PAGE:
Thursday October 9th, 2008

In the five years I have spent covering boxing, I have had a few of what I like to call "cringe moments." I cringed when greedy promoters paraded a battered and broken Mike Tyson into the ring for fight after fight, even though he was little more than a shell of his former self. And he had a history of biting people.

I cringed through 12 rounds of Winky Wright-Bernard Hopkins in 2007, possibly the first fight I have seen in which neither fighter actually wanted to throw the first punch.

And I cringed when, during an HBO telecast, Lennox Lewis said Oleg Maskaev looked like a "big Siberian guy...from Siberia."

But never have I ever cringed as badly as I did yesterday, when the news broke that soon to be 46-year old Evander Holyfield was getting another title shot.

On Dec. 20, a decomposing Holyfield (42-9-2) will challenge seven-foot monster Nicolay Valuev (49-1) for his WBA heavyweight title. The fight that will take place in Germany or Switzerland, either because Valuev is popular in Europe or because when Holyfield's name is brought up at New York, New Jersey and Las Vegas commission hearings, those entities think someone is making a funny.

It will be the first fight for Holyfield since being dismantled by former WBO champion Sultan Ibragimov last October, a fight many thought would close the curtain on Holyfield's career.

It probably should have.

But in their infinite wisdom, Valuev's promoter, Sauerland Event, and the WBA have decided Holyfield, who is ranked just a notch above Tyson these days, warrants a shot at the heavyweight crown. They have decided that a man who hasn't beaten a legitimate opponent in six years (and I'm generously referring to Hasim Rahman, who Holyfield knocked out in 2002, as legitimate) is worthy of competing for a piece of what was once the most coveted title in the world.

And just like that, boxing -- and the heavyweight division in particular -- has once again become a laughingstock.

If you're privy to the conversations that go on in boxing's inner circle, you know why this fight is being made. Sauerland Event wants Valuev, who inherited the title after Ruslan Chagaev tore his Achilles tendon before a scheduled fight with Valuev, to hang onto the belt for as long as possible. The novelty of Valuev has all but worn off: he lost his undefeated record after Chagaev out-pointed him in 2007, and watching non-punchers like John Ruiz having little trouble getting inside on him has made Valuev as feared as a circus elephant.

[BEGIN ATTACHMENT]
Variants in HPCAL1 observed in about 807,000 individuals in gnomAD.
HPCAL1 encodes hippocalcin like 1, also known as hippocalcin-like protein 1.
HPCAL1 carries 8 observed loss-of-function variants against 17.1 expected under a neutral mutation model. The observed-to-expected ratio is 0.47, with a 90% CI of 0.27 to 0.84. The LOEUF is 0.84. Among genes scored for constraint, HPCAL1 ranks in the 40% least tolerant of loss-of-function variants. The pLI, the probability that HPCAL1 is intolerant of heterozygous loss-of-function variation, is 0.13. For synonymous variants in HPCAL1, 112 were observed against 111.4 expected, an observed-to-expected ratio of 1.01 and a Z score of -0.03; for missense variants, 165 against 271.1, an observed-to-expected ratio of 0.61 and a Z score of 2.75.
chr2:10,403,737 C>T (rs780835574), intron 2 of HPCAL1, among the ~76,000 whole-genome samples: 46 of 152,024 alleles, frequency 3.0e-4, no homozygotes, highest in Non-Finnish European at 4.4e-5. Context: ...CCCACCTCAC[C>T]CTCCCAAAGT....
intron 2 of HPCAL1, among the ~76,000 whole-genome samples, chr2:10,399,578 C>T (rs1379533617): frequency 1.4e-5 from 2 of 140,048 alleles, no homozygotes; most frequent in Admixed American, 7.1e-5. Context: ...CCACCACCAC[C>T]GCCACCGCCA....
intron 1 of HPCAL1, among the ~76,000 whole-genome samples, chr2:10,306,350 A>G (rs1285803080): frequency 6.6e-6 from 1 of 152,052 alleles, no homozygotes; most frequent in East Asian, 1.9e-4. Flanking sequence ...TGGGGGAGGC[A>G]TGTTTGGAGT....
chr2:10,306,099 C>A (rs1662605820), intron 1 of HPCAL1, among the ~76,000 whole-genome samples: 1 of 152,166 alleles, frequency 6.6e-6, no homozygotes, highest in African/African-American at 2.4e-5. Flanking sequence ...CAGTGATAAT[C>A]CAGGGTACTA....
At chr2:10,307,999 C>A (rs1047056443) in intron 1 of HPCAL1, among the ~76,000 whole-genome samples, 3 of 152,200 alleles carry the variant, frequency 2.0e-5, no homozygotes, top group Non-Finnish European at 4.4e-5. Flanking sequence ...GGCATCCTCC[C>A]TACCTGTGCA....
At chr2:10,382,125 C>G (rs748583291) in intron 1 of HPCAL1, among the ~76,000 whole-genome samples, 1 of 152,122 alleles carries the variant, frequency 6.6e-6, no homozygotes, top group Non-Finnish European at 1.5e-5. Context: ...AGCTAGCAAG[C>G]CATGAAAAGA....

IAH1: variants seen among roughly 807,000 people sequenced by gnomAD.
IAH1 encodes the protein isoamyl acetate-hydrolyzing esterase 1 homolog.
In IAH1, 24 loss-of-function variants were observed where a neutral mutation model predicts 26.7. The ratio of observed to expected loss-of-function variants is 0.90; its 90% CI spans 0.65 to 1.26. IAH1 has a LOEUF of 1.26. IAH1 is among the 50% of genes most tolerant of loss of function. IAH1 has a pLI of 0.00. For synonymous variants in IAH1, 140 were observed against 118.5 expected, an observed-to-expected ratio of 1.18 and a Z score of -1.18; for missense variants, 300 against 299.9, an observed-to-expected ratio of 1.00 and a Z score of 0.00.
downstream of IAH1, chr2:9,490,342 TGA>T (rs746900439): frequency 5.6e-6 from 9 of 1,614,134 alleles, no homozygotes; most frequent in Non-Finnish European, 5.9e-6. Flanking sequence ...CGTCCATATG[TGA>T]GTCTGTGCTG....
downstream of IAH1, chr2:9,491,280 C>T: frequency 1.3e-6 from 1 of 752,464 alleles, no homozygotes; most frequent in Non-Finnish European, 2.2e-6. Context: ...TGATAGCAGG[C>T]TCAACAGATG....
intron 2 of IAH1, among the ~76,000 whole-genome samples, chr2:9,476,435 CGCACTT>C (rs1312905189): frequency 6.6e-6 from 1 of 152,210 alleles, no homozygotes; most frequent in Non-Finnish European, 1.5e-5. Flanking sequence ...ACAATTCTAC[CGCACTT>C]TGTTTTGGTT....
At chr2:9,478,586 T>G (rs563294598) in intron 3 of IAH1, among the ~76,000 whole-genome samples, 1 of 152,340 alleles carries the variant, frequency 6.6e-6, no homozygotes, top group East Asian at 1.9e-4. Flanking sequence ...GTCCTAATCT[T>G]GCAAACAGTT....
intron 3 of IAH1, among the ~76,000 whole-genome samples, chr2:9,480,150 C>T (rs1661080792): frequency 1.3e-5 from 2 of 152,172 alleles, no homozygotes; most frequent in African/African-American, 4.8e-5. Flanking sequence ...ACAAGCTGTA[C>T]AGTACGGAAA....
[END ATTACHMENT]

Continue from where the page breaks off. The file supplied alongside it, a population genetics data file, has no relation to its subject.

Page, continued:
Curious to hear if others were as irate as I was, I placed a transcontinental call to Bernd Boente, the respected manager for Wladimir and Vitali Klitschko. To be fair, Boente's opinion is biased: he, like many others in the boxing world, would have preferred Valuev negotiate to fight the winner of the Dec. 13 Wladimir Klitschko-Alexander Povetkin tilt, setting up a rare heavyweight unification fight next year. But his opinions echoed those of other boxing insiders I spoke to.

"It is completely ridiculous," said Boente. "How can [Sauerland] pick such a weak opponent? It's terrible for the sport of boxing. They picked a guy who hasn't fought in over a year and the last time he did fight, he fought like a mummy. It's a disgrace that Holyfield is getting a title fight."

Some of you may be looking at a calendar and wondering why Klitschko and Valuev, should they win their respective fights in December, couldn't meet a few months later. The answer to that is twofold: first, despite abdicating the title, Chagaev was named a "champion in recess" and is therefore guaranteed a title shot no later than June 2009. Valuev is unlikely to want to take a tune-up fight, much less a showdown with Klitschko, before then.

Second, even if Valuev wanted the fight, there is no possibility that Sauerland and Klitschko's promoter, K2, could agree to terms in time for a February or March fight. The two promoters have a volatile relationship and are unlikely to agree on a lunch order, much less the parameters for a multimillion-dollar event.

That means the dwindling number of heavyweight fans will end the year with Klitschko-Povetkin and Valuev-Holyfield and probably open the year with Klitschko-David Haye. The only hope for a heavyweight super fight will come if WBC champion Samuel Peter can defeat Vitali Klitschko on Saturday, setting up a Wladimir-Peter rematch next year. It's a possibility the Klitschko camp is loathe to consider, but one that might very well be best for boxing.

But then, how often do good things happen for boxing?

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